Vermont legislative preview
by George Twigg, Director of Public Affairs
As the start of Vermont’s 2013 legislative session draws closer, Efficiency Vermont is tracking several issues that could impact our state’s energy sector. Today I’d like to focus on a topic that is likely to generate a lot of discussion in Montpelier over the coming months.
In earlier blog posts, we have talked about the substantial impact of energy efficiency on Vermont’s electric usage over the last decade (and, as impressive as that data is, it is important to keep in mind that there is still tremendous potential for additional electric efficiency in Vermont, especially as we consider what our total energy usage footprint is likely to look like in the future. We’ll talk more about that in the coming weeks).
In recognition of the progress that has been made, and of the need to devote more effort to reducing our use of heating fuels in our homes and businesses (sometimes referred to as “thermal efficiency” or “weatherization”), the State expanded Efficiency Vermont’s scope in 2008 to encompass thermal as well as electric efficiency. At the same time, the Legislature set an ambitious goal: to improve the efficiency of 25% of the state’s housing stock (or approximately 80,000 homes) by 25% by the year 2020.
Where we’ve been
In our work to help homes and businesses reduce their heating costs, a major focus of Efficiency Vermont has been to ensure that there is a strong network of private contractors who are qualified to perform building efficiency upgrades.
– Times Argus, 12/9/2012
Great strides have been made in this area: in 2005 there were only 3 BPI-certified contractors in the entire state; today, there are almost 80 contracting companies. There is also more interest from homeowners: in 2005 there were 7 Home Performance with ENERGY STAR® projects completed in Vermont; in 2011, there were 799; and in 2012 we are on track to exceed that number substantially. In addition to programs offered by Efficiency Vermont, our state’s five weatherization agencies and Vermont Gas Systems also support home energy improvements in the parts of the state they serve. These programs have also seen an increasing demand in recent years –one weatherization program currently has an 18-month waiting list.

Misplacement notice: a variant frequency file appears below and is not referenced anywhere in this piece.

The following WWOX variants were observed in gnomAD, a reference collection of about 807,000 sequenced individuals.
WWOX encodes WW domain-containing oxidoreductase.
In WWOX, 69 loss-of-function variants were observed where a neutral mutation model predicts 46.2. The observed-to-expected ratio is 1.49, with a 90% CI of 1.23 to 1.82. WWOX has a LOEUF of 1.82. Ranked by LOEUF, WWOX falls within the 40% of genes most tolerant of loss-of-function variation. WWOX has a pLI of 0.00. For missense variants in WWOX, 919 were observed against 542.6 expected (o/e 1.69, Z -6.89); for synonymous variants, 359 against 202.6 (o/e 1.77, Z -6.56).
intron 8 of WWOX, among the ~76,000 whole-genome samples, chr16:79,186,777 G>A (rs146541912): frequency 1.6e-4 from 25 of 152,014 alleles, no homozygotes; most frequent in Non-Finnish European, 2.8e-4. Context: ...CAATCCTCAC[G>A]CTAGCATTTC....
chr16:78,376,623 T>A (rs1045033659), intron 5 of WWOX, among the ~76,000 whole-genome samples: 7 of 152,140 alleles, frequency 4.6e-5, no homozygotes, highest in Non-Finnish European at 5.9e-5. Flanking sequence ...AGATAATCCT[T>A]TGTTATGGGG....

Where we’re going
With only eight years left to meet our 2020 goal, however, there is still a long way to go. At our current pace we will fall well short of the state’s goal. That is why we are encouraged to see that thermal efficiency is back on the priority list for the upcoming legislative session. While a lot of progress has been made, and we are poised to go much further, there is a lot of work to be done.
– Rep. Tony Klein, in Times Argus, 12/9/2012
The financial stakes are huge: in 2010 alone we spent $600 million on fossil fuels to heat our buildings – that amount has doubled since 2000, and it exceeds the revenue of the state’s entire agricultural sector. We can slash this spending by investing in efficiency: the typical Efficiency Vermont home improvement project reduces energy use by 30%. As the effort to capture these savings progresses, Efficiency Vermont is looking forward to working with all the stakeholders in helping build an innovative and effective approach to meeting our state’s energy efficiency goals. If Vermont wants to continue its leadership role on energy efficiency – and help ensure greater energy independence for our homes and businesses – we can’t afford to wait.